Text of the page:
I did a 12-part series for BBC Radio called Crimescapes, investigating with 12 crime writer the kinds of crimes that occurred in different cities round Europe, and whether a certain kind of crime applies to a certain kind of landscape. This research led directly to Bombay Ice, and the way the real monsoon and the movie Tempest relate to different kinds of crimes.

Can you elaborate on the theme of your next novel?

It's called Fish, Blood & Bone, which is the brand name of a popular garden fertilizer. You could call it a genetic ghost story about the power of such anonymous things as genes (cancer genes, 'green' genes, 'suicide' genes) to affect our lives more than the most famous and influential people in history. Theme: anonymity vs fame.

Briefly, an American girl with no history inherits an old house and garden in London and discovers, when her best friend is killed there, that she has inherited more history than she wants. The investigation takes her on a trip with a group of scientists into the Himalayan region in search of an elusive 'green' gene believed to cure cancer (and into her own past, which involves the affair between a famous Victorian British botanical painter and an 'anonymous' Indian botanist).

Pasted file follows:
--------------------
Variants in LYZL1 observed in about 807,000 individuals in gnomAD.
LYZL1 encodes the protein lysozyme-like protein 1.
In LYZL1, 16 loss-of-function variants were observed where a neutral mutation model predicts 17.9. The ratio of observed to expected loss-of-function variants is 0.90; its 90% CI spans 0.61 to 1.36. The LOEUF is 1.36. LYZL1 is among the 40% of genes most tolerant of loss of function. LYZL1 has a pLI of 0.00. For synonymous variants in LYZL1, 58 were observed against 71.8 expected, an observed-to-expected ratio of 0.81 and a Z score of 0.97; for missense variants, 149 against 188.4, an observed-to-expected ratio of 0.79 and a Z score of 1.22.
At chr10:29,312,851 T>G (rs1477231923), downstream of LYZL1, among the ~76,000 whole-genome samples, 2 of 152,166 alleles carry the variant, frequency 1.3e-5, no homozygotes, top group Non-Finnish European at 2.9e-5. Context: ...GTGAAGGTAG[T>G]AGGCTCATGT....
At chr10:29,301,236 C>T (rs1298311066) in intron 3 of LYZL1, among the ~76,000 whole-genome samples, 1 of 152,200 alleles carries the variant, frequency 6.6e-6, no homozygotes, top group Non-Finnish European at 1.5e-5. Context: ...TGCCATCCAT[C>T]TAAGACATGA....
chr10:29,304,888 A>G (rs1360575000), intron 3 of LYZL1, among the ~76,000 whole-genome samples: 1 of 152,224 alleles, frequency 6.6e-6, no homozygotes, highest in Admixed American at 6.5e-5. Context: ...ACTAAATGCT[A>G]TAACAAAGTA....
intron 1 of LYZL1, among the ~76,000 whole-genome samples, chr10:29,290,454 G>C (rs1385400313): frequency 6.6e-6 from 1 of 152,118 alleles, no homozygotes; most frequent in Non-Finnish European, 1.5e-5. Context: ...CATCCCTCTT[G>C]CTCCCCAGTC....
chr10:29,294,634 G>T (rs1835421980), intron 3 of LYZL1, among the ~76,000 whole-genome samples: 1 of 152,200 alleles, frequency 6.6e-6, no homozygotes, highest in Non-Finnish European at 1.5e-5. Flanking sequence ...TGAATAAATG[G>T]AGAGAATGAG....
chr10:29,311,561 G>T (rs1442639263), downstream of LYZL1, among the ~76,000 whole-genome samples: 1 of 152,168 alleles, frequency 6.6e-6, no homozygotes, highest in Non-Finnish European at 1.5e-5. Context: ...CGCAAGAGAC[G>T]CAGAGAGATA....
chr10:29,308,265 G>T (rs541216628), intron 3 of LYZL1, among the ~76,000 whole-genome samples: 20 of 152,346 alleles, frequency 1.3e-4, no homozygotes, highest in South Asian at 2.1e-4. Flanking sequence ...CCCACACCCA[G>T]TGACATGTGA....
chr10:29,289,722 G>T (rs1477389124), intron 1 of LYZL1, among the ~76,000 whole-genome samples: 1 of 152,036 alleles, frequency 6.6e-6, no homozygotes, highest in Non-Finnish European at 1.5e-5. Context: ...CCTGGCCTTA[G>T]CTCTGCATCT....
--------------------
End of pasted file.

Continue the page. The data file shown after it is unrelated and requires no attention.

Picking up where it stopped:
You share a special relationship with India, now that your third book is also based on India, this time on an Indian living abroad. How do you feel about this?

India is an inexhaustible mine of stories, storytellers, painting subjects. What more could a writer and painter ask for?

Is there a vast difference between Indians living in India and those settled abroad?

I couldn't generalize. Depends on the Indians, their sex, cultural background, and where and how they settled. A Bangladeshi garment-worker living with her family in an East London tenement and speaking no English would share very little with my friend Jatinder Verma who was born to Gujarati parents in Tanzania, kicked out by that tyrannical regime, got his PhD at Oxford University, was the first Indian to direct at Britain's National Theatre. He calls himself a coconut: brown on the outside, white within. I don't think skin colour matters a damn, but cultural background does.

Do you have plans to visit India again soon?

I usually go once a year. Went in November 1998, to Calcutta, Kalimpong and Sikkim and will probably return again very soon.

(Bombay Ice is published by McArthur & Company Publishing Ltd. Price: CA $ 8.99)